Are you heading south to the States anytime soon for a signing/author event or are you staying in Canada for the time being?
Right now, I have only events scheduled in Canada—two signings in November and a reader event in May—but there are some other 2016 events under discussion. Please check my blog for news!

My Review
Delacroix is back, better than ever with an all-new historical romance series featuring Templar Knights who find true love.
Set in the late 12th century her story comes alive thanks to her expressive narrative including some real history mixed with her fantastic fiction. Her backdrops are breathtaking and dangerous as her troupe travels from the Middle East to Europe. Her couple, Ysmaine and Gaston are honorable, believable and both refreshingly innocent. Heading her chapters on genuine Church feast days and her accurate accounting of the historical facts give it that extra dose of authenticity. I can’t wait to see where she takes me on her next Templar tale.
Twice widowed on her wedding night, Ysmaine de Valeroy came to Jerusalem on a pilgrimage to dispel whatever husband curse she’d been put under. When she meets a handsome knight who vows to wed her, she has to wonder if he’s an answer to her prayers or the devil come to take his due.
Upon his brother’s death, Gaston de Chamount, knight of the Templar finds himself the new Baron of his family’s French estate. He must choose a bride before returning to his ancestral home, and seeing a beautiful pilgrim praying to the virgin his choice is made.
Before they can depart war erupts between Christians and infidels. With the fall of the city imminent, the chief Templar entrusts Gaston and other loyal travelers with one last sacred quest to Paris.

Other Books in the Series

Available Now!

Connect with Deb/Claire - Website - Facebook-Deb- Facebook-Claire

MEET DEB/CLAIRE:New York Times bestselling author Claire Delacroix sold her first book in 1992, an historical romance called THE ROMANCE OF THE ROSE. Since then, she has published over forty romance novels and novellas, and has also been published under the names Claire Cross and Deborah Cooke. She has an honours degree in history, with a focus on medieval studies. She is an avid reader of medieval vernacular literature, fairy tales and fantasy novels. 
For books written under the pseudonym, Claire Cross, see:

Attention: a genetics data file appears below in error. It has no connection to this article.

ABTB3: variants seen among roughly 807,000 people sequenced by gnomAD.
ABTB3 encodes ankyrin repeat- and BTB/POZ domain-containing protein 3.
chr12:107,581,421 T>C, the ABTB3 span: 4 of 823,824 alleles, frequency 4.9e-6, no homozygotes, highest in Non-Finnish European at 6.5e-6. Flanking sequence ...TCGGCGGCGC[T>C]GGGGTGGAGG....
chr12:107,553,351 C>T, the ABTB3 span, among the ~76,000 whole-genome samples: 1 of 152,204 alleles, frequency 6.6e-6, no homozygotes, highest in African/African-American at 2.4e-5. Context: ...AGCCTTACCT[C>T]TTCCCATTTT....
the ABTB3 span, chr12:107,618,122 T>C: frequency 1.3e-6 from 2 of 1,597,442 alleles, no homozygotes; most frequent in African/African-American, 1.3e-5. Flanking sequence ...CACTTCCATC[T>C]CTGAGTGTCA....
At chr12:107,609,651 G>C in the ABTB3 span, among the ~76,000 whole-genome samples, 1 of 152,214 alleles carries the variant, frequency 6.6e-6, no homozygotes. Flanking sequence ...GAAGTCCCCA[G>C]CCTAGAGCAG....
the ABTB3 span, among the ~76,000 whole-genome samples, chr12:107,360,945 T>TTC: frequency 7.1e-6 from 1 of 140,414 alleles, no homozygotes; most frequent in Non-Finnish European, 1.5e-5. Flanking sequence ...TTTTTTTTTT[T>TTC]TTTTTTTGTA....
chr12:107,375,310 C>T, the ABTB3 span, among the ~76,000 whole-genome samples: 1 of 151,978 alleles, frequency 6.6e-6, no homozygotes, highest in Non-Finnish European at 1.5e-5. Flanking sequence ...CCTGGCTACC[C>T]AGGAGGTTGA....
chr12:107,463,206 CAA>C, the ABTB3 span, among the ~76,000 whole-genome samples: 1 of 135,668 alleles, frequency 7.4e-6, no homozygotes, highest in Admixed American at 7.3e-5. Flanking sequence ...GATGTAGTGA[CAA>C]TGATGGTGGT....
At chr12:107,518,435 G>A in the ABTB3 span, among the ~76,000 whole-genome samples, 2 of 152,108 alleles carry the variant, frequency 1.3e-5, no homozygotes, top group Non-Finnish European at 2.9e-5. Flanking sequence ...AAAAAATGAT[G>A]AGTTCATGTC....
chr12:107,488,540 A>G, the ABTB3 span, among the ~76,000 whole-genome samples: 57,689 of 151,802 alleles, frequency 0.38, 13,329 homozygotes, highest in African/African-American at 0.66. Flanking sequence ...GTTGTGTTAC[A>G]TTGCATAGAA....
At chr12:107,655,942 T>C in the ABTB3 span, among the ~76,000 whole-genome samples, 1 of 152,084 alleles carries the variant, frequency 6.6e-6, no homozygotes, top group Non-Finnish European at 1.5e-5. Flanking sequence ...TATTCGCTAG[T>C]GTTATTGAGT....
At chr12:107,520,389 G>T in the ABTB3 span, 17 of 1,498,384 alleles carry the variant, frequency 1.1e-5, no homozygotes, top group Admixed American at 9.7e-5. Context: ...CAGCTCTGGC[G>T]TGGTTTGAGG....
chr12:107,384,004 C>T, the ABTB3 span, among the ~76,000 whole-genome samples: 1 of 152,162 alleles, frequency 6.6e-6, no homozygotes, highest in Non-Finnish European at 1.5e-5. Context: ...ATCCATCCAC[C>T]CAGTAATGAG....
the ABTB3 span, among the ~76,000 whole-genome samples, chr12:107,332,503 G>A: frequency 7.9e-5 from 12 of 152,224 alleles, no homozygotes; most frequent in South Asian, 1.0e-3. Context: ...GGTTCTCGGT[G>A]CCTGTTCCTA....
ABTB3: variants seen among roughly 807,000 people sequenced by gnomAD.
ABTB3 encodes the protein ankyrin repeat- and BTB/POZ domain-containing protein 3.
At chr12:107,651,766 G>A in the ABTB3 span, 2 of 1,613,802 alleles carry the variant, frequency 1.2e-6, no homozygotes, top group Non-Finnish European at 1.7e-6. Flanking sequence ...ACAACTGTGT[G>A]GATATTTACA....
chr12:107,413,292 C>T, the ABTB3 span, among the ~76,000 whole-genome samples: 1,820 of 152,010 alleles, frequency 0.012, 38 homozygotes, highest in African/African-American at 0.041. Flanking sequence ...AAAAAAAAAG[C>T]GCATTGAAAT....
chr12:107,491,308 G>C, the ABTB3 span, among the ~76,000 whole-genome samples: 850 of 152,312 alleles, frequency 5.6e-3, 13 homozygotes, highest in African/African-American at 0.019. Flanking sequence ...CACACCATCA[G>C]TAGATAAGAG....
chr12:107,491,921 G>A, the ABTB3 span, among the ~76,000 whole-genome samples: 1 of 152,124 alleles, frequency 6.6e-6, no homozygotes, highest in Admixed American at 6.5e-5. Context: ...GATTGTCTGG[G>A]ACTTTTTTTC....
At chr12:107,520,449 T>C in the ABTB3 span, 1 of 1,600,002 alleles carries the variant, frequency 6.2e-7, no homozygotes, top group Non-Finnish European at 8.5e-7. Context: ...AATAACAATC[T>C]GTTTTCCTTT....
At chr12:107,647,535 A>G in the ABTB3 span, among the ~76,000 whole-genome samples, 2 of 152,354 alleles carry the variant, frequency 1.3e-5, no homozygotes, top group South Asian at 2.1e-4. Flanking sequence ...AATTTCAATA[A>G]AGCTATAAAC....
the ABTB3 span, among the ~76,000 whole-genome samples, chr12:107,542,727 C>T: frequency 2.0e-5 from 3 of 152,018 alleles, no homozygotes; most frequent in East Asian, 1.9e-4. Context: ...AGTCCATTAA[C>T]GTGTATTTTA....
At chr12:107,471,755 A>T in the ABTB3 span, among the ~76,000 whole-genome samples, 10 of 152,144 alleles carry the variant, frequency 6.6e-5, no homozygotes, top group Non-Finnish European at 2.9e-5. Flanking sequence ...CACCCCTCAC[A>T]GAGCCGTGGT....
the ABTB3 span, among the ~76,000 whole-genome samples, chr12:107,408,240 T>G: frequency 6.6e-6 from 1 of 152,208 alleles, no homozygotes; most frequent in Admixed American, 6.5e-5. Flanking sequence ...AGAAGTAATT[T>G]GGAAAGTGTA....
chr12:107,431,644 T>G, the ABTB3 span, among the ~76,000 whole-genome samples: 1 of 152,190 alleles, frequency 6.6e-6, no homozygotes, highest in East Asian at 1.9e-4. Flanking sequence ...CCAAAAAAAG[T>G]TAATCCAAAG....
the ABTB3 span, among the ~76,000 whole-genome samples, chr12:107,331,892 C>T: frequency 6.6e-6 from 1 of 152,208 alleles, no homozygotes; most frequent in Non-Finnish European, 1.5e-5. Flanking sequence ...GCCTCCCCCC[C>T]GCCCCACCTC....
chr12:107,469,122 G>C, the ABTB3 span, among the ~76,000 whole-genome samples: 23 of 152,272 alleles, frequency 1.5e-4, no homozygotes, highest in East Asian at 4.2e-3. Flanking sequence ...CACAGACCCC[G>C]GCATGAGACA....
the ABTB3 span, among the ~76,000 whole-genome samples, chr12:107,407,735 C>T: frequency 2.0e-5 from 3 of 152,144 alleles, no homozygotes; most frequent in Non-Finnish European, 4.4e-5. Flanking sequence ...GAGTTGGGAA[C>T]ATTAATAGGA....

For books written under Claire's own name, Deborah Cooke, please see:

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  1. Thanks for suggesting this interview, Deb, and for posting it today when Wulfe and Christina's book releases. :-)

    And thank you, especially, for the wonderful review. :-)

    1. This comment has been removed by a blog administrator.

    2. I have read the first of the series and it is wonderful. Great interview and reviews!

  2. I love that this takes place in the 12th century, how fun and I bet fascinating! Wonderful review and interview!!

    1. It was fascinating Ali especially because Deborah/Claire takes such care with her research. Thanks for the comment!

  3. Marvellous interview ladies really enjoyed it . Wishing Deborah Al the best with the release, sounds wonderful heroes again

  4. Loved the interview! I am a big fan of Ms. Cooke's books. Looking forward to the next book! Wonderful review!

    1. Hi Seelk thanks for the comment and its nice to meet another fan!

  5. I learn so much more about the background of a book and the author through interviews. I enjoyed this one. I still haven't read her books, but I am eager, too.

  6. Oh I love when old characters make cameos. There's something so fun about that :D

    1. Yeah Anna and Deb is famous for it. I really think you'd like her historical romance

  7. I'm so naive in thinking that writing a book doesn't take too long to write as there are books penned by authors that just comes out *snap snap*.

    1. Yeah I know what you mean Braine especially when there are authors we read who pop them out 3 or 4 in a year!

  8. Another great interview. Must be nice to have a fav author you've followed for years with a new book out. Love how she knits to help her iron out plot kinks. It's a relaxing thing to do - knitting!
    I have one of her books in my audio queue to read as I haven't yet tried her writing so looking forward to it. This series sounds good as well - one day!

    1. Oh Kathryn you'll really like the audible version, Deb's narrators do brilliant jobs bring feel of the era and the characters to life'

  9. This looks good, I am currently listening to book 2 in her The True Love Brides series. I really enjoy her books on audio.

    1. OOh Kim anxious to see how you like it. I just downloaded it yesterday as I'm currently listening to Donna Augustine's Karma on audible.

  10. OMG I haven't read anything by Cooke in a long time but I used to love her dragons! Man, I need to get back to her books.

    1. Oh wow yeah Sarah you're missing out Girlfriend get back on that Destrier! :)